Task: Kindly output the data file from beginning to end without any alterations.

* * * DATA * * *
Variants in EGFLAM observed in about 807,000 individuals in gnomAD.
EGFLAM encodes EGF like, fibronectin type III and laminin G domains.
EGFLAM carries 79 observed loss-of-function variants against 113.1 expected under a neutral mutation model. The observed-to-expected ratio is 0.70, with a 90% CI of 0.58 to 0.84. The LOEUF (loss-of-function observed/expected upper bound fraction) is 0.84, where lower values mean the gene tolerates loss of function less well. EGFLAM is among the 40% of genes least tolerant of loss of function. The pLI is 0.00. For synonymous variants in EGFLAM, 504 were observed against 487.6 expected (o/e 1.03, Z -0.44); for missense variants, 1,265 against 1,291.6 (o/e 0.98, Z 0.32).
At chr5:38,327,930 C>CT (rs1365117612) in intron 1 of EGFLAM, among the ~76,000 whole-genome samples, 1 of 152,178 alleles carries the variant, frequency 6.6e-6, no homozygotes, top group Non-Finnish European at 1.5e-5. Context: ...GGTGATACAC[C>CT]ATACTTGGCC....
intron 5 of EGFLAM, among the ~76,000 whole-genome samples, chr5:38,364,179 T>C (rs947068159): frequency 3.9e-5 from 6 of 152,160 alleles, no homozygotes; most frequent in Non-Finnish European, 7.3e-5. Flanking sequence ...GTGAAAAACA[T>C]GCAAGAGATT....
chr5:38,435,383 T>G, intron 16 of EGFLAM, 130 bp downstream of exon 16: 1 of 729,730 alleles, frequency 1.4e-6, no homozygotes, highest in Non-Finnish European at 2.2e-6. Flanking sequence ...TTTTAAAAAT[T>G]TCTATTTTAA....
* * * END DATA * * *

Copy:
Variants in EGFLAM observed in about 807,000 individuals in gnomAD.
EGFLAM encodes EGF like, fibronectin type III and laminin G domains.
EGFLAM carries 79 observed loss-of-function variants against 113.1 expected under a neutral mutation model. The observed-to-expected ratio is 0.70, with a 90% CI of 0.58 to 0.84. The LOEUF (loss-of-function observed/expected upper bound fraction) is 0.84, where lower values mean the gene tolerates loss of function less well. EGFLAM is among the 40% of genes least tolerant of loss of function. The pLI is 0.00. For synonymous variants in EGFLAM, 504 were observed against 487.6 expected (o/e 1.03, Z -0.44); for missense variants, 1,265 against 1,291.6 (o/e 0.98, Z 0.32).
At chr5:38,327,930 C>CT (rs1365117612) in intron 1 of EGFLAM, among the ~76,000 whole-genome samples, 1 of 152,178 alleles carries the variant, frequency 6.6e-6, no homozygotes, top group Non-Finnish European at 1.5e-5. Context: ...GGTGATACAC[C>CT]ATACTTGGCC....
intron 5 of EGFLAM, among the ~76,000 whole-genome samples, chr5:38,364,179 T>C (rs947068159): frequency 3.9e-5 from 6 of 152,160 alleles, no homozygotes; most frequent in Non-Finnish European, 7.3e-5. Flanking sequence ...GTGAAAAACA[T>C]GCAAGAGATT....
chr5:38,435,383 T>G, intron 16 of EGFLAM, 130 bp downstream of exon 16: 1 of 729,730 alleles, frequency 1.4e-6, no homozygotes, highest in Non-Finnish European at 2.2e-6. Flanking sequence ...TTTTAAAAAT[T>G]TCTATTTTAA....